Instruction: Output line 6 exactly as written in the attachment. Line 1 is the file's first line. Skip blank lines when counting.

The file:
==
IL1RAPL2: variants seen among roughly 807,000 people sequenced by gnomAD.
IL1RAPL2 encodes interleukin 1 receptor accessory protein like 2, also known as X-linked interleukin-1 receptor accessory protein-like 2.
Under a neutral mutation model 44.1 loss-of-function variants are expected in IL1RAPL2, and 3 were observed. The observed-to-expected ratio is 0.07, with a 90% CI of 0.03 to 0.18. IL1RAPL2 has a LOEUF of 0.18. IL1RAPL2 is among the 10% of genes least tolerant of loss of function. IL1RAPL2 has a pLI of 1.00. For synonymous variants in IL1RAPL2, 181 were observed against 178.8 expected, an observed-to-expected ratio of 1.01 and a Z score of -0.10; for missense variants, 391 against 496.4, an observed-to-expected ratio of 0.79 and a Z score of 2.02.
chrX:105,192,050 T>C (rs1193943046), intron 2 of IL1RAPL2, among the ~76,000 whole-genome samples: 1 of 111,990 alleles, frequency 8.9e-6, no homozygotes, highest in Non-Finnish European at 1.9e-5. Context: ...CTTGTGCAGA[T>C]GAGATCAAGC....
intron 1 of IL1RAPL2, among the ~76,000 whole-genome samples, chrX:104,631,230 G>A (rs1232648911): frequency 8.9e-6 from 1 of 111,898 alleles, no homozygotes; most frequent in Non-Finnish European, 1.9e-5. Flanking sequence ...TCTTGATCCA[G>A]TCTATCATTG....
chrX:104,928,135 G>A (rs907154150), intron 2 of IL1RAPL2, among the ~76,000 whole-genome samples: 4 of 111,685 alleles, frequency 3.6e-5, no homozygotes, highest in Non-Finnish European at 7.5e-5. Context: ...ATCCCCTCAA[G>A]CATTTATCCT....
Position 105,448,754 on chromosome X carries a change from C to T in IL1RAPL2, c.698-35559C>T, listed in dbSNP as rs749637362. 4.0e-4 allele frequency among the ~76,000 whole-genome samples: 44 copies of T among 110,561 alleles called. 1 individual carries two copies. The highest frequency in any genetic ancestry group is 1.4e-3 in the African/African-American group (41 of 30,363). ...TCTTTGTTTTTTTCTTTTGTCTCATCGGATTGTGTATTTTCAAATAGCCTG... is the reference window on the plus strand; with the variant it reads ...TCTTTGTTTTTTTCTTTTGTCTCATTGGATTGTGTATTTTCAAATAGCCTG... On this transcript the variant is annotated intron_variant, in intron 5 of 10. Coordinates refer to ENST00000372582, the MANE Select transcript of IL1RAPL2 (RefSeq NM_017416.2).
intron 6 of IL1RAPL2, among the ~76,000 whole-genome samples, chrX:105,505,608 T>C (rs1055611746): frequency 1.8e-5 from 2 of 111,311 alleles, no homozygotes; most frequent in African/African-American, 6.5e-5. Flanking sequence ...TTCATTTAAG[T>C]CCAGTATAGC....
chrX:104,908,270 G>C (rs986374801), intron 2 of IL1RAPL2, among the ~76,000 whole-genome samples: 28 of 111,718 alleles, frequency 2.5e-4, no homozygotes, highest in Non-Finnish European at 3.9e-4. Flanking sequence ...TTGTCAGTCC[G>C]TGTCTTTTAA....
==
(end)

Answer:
chrX:104,928,135 G>A (rs907154150), intron 2 of IL1RAPL2, among the ~76,000 whole-genome samples: 4 of 111,685 alleles, frequency 3.6e-5, no homozygotes, highest in Non-Finnish European at 7.5e-5. Context: ...ATCCCCTCAA[G>A]CATTTATCCT....